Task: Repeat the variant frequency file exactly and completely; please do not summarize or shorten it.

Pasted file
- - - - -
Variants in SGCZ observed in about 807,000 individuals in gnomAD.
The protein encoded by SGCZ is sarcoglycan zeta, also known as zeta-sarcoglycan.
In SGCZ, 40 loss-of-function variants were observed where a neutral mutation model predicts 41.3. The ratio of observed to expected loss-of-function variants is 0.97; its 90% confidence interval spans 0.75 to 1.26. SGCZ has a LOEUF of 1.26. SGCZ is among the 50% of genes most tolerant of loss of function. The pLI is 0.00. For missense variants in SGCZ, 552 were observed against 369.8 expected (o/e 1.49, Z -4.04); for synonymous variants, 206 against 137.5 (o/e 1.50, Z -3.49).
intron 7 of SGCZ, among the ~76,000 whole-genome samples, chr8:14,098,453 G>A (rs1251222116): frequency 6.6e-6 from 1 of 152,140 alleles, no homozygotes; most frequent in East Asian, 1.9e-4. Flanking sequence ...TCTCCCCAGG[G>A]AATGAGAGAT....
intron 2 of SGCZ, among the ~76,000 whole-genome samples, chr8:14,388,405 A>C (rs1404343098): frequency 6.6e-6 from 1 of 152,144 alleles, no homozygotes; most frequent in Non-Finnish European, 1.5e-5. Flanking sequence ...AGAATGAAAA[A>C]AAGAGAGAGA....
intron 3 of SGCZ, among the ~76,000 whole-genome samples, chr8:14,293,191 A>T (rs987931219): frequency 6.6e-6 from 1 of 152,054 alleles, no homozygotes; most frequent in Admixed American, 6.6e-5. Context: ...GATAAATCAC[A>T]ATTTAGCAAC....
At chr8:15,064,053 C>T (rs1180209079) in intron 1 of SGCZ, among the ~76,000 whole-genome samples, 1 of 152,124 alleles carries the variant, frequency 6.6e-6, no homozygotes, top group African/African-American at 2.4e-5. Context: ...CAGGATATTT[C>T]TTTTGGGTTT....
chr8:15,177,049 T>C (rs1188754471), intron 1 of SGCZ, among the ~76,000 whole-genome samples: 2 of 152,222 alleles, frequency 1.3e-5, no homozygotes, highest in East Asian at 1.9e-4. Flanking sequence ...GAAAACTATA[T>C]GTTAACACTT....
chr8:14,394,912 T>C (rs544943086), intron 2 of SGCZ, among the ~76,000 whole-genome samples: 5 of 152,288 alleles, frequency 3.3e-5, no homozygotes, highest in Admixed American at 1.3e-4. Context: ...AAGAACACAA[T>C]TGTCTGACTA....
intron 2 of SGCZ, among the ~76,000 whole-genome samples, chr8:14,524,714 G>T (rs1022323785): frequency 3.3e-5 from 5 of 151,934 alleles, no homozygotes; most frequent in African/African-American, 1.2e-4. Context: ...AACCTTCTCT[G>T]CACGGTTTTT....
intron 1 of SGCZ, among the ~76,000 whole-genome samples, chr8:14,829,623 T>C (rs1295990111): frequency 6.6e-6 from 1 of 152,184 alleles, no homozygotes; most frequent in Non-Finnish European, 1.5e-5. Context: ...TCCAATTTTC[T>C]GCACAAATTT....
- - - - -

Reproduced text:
Variants in SGCZ observed in about 807,000 individuals in gnomAD.
The protein encoded by SGCZ is sarcoglycan zeta, also known as zeta-sarcoglycan.
In SGCZ, 40 loss-of-function variants were observed where a neutral mutation model predicts 41.3. The ratio of observed to expected loss-of-function variants is 0.97; its 90% confidence interval spans 0.75 to 1.26. SGCZ has a LOEUF of 1.26. SGCZ is among the 50% of genes most tolerant of loss of function. The pLI is 0.00. For missense variants in SGCZ, 552 were observed against 369.8 expected (o/e 1.49, Z -4.04); for synonymous variants, 206 against 137.5 (o/e 1.50, Z -3.49).
intron 7 of SGCZ, among the ~76,000 whole-genome samples, chr8:14,098,453 G>A (rs1251222116): frequency 6.6e-6 from 1 of 152,140 alleles, no homozygotes; most frequent in East Asian, 1.9e-4. Flanking sequence ...TCTCCCCAGG[G>A]AATGAGAGAT....
intron 2 of SGCZ, among the ~76,000 whole-genome samples, chr8:14,388,405 A>C (rs1404343098): frequency 6.6e-6 from 1 of 152,144 alleles, no homozygotes; most frequent in Non-Finnish European, 1.5e-5. Flanking sequence ...AGAATGAAAA[A>C]AAGAGAGAGA....
intron 3 of SGCZ, among the ~76,000 whole-genome samples, chr8:14,293,191 A>T (rs987931219): frequency 6.6e-6 from 1 of 152,054 alleles, no homozygotes; most frequent in Admixed American, 6.6e-5. Context: ...GATAAATCAC[A>T]ATTTAGCAAC....
At chr8:15,064,053 C>T (rs1180209079) in intron 1 of SGCZ, among the ~76,000 whole-genome samples, 1 of 152,124 alleles carries the variant, frequency 6.6e-6, no homozygotes, top group African/African-American at 2.4e-5. Context: ...CAGGATATTT[C>T]TTTTGGGTTT....
chr8:15,177,049 T>C (rs1188754471), intron 1 of SGCZ, among the ~76,000 whole-genome samples: 2 of 152,222 alleles, frequency 1.3e-5, no homozygotes, highest in East Asian at 1.9e-4. Flanking sequence ...GAAAACTATA[T>C]GTTAACACTT....
chr8:14,394,912 T>C (rs544943086), intron 2 of SGCZ, among the ~76,000 whole-genome samples: 5 of 152,288 alleles, frequency 3.3e-5, no homozygotes, highest in Admixed American at 1.3e-4. Context: ...AAGAACACAA[T>C]TGTCTGACTA....
intron 2 of SGCZ, among the ~76,000 whole-genome samples, chr8:14,524,714 G>T (rs1022323785): frequency 3.3e-5 from 5 of 151,934 alleles, no homozygotes; most frequent in African/African-American, 1.2e-4. Context: ...AACCTTCTCT[G>T]CACGGTTTTT....
intron 1 of SGCZ, among the ~76,000 whole-genome samples, chr8:14,829,623 T>C (rs1295990111): frequency 6.6e-6 from 1 of 152,184 alleles, no homozygotes; most frequent in Non-Finnish European, 1.5e-5. Context: ...TCCAATTTTC[T>C]GCACAAATTT....